Poverty in Russia — Stereotype, or Fact?

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By Janna Johnsen

Norwegian mainstream media often talks of “enormous” poverty in Russia. But is it that big, or so different from poverty in Norway?

The international poverty line is $ 1.90 per day. International statistics show that no one lives on less than $ 1.90 in Russia. In Norway, 0.2 percent of the population do. 0.2 percent in both Russia and Norway live on less than $ 3.2 per day. Slightly more Russians than Norwegians live on less than $ 5.5 per day. When we compare these figures, we must also remember that the prices of most goods and services are significantly lower in Russia than in Norway.

National poverty lines vary from country to country. 12.3 percent of Russians and 11.2 percent of Norwegians live below the national poverty line. Since 2000, the number of poor people in Russia has fallen 2.3 times.

Household Income

If we look more closely at household income, the average monthly salary in Russia is now RUB 49,600, the average pension is RUB 14,900, the minimum wage is RUB 12,100 and the disability benefit is RUB 11,300. But many Russians (about 40%) still receive wages “under the table”, so real incomes in Russia are much higher than the statistics show.


So what about the expenditure? Income tax on wages is 13 per cent. Of various fixed expenses, approximately RUB 8-9,000 goes to food and housekeeping, RUB 5,000 to municipal taxes, RUB 2-3,000 to transport (based on my private expenses, for one person). Only 9 per cent of the population have a mortgage, and for them an average of 27 per cent of their monthly income is used to service the loan. In Russia, 87 percent of the population owns their own home (in Norway, the figure is 77 percent). This is a result of privatization in the 1990s, when everyone was given the possibility to take over the housing they rented from the state for free.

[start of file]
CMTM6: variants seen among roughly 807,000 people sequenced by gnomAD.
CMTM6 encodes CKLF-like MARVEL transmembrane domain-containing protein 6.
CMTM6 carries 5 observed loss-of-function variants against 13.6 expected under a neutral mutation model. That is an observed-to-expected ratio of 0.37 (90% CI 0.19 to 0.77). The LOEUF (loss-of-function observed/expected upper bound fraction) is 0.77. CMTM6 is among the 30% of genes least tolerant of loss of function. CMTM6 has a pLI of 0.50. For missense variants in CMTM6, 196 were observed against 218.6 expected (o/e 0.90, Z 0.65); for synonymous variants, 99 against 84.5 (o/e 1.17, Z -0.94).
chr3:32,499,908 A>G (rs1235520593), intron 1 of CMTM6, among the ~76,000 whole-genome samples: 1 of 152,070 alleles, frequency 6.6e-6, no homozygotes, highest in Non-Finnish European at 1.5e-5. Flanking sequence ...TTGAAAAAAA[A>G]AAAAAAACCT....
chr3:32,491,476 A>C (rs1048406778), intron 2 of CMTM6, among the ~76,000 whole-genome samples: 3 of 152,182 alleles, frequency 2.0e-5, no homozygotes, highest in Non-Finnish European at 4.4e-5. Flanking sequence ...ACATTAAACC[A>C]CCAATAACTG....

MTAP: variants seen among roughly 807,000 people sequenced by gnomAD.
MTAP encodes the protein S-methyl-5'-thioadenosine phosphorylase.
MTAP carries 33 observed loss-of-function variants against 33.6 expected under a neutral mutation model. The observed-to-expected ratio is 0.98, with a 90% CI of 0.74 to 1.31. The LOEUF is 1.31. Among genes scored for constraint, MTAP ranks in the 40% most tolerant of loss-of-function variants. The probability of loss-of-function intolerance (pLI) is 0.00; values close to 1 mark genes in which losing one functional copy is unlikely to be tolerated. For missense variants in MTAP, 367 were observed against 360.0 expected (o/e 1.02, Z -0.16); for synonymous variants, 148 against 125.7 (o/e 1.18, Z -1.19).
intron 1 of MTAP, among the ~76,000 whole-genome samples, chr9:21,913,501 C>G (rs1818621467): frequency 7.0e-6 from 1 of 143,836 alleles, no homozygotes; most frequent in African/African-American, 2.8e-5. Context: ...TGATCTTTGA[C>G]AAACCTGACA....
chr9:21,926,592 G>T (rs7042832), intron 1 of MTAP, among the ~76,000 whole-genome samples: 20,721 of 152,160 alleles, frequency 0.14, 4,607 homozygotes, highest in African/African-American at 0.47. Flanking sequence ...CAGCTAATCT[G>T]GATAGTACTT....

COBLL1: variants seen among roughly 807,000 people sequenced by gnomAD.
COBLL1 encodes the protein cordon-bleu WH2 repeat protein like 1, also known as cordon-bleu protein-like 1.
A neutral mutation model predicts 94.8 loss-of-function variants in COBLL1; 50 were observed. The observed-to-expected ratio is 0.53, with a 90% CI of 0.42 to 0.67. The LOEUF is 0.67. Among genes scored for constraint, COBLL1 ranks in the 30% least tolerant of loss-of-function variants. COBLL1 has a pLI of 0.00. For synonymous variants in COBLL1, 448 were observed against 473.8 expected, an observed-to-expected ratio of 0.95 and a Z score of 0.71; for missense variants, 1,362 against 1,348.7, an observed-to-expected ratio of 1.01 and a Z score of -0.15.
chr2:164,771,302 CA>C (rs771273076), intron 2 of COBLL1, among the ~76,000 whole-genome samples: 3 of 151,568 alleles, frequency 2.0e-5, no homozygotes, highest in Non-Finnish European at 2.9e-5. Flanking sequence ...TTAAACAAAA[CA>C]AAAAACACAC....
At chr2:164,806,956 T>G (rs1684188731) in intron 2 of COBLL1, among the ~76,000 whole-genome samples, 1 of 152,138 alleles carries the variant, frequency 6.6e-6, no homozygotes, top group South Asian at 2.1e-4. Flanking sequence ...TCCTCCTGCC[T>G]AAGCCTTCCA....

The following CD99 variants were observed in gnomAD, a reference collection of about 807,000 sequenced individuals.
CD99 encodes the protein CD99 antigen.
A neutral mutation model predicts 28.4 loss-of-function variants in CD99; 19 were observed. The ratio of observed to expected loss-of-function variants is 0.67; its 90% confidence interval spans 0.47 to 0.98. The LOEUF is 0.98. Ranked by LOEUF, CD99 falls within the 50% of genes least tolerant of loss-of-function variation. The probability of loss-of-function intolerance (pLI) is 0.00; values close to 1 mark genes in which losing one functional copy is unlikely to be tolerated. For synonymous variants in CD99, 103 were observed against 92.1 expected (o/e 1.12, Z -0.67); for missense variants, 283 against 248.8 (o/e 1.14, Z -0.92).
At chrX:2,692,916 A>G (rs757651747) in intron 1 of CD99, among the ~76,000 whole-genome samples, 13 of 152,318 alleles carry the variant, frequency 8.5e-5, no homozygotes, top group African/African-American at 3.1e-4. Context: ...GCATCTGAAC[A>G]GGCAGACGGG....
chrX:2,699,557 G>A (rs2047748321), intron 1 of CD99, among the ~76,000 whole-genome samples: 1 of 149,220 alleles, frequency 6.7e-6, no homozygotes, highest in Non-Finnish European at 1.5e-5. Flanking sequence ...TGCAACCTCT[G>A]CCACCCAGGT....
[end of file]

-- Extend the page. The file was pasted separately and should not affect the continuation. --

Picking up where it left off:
Pensioners and the Vulnerable

The retirement age in Russia in 2020 is 56 years for women and 61 years for men. The old-age pension is adjusted annually corresponding to the inflation rate. Retirees pay neither income nor property taxes, get to buy products with a 10 percent discount in the morning, get free vital medicines and can use public transport for free. People in a difficult life situation receive significant support from the Russian state: families with many children, single parents, people on disability benefits, and the unemployed. There are particularly good schemes for families with children. In the case of childbirth, the parents are paid RUB 466,000 (a normal annual salary), low-paid families are paid a monthly basic amount for each child (as in Moscow, for example, RUB is 15,200), and maternity leave is 3 years, of which 1.5 years are paid. Low-income families receive up to 100 per cent subsidies for home purchases, and at the age of majority, all orphaned children are allocated their own home.

Upward Mobility

There are many opportunities to increase the income, such as creating one’s own workplace, moving to another region, increasing qualifications or being proactive in job search. Unemployment is now 6.1 percent in Russia. Still, many industries, such as the construction industry, transportation, service and cleaning, are screaming for people.

So, the alleged “enormous” poverty in Russia is a myth, the well-being of Russians is about the same as in any Western country.

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